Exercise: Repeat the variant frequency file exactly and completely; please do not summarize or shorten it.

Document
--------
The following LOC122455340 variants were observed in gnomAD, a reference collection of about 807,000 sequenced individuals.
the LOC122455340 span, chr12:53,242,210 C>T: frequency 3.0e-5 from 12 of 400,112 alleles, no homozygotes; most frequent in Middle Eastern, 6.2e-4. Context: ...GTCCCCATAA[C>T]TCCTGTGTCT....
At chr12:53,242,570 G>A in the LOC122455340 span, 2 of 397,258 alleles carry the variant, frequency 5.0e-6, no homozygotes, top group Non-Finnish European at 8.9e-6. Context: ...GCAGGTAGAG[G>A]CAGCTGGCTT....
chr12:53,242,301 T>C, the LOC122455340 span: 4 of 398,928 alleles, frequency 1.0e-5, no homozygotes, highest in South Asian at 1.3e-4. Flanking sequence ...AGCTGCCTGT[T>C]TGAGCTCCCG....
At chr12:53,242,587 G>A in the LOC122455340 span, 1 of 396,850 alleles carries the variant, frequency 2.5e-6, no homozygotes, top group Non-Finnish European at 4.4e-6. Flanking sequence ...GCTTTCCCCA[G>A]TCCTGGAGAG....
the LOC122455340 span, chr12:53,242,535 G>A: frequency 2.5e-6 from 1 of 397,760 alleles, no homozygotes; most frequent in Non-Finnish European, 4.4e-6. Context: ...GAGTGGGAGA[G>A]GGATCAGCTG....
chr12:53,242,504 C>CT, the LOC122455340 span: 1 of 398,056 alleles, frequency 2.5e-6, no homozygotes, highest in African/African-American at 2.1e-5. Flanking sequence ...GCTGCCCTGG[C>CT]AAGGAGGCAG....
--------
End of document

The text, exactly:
The following LOC122455340 variants were observed in gnomAD, a reference collection of about 807,000 sequenced individuals.
the LOC122455340 span, chr12:53,242,210 C>T: frequency 3.0e-5 from 12 of 400,112 alleles, no homozygotes; most frequent in Middle Eastern, 6.2e-4. Context: ...GTCCCCATAA[C>T]TCCTGTGTCT....
At chr12:53,242,570 G>A in the LOC122455340 span, 2 of 397,258 alleles carry the variant, frequency 5.0e-6, no homozygotes, top group Non-Finnish European at 8.9e-6. Context: ...GCAGGTAGAG[G>A]CAGCTGGCTT....
chr12:53,242,301 T>C, the LOC122455340 span: 4 of 398,928 alleles, frequency 1.0e-5, no homozygotes, highest in South Asian at 1.3e-4. Flanking sequence ...AGCTGCCTGT[T>C]TGAGCTCCCG....
At chr12:53,242,587 G>A in the LOC122455340 span, 1 of 396,850 alleles carries the variant, frequency 2.5e-6, no homozygotes, top group Non-Finnish European at 4.4e-6. Flanking sequence ...GCTTTCCCCA[G>A]TCCTGGAGAG....
the LOC122455340 span, chr12:53,242,535 G>A: frequency 2.5e-6 from 1 of 397,760 alleles, no homozygotes; most frequent in Non-Finnish European, 4.4e-6. Context: ...GAGTGGGAGA[G>A]GGATCAGCTG....
chr12:53,242,504 C>CT, the LOC122455340 span: 1 of 398,056 alleles, frequency 2.5e-6, no homozygotes, highest in African/African-American at 2.1e-5. Flanking sequence ...GCTGCCCTGG[C>CT]AAGGAGGCAG....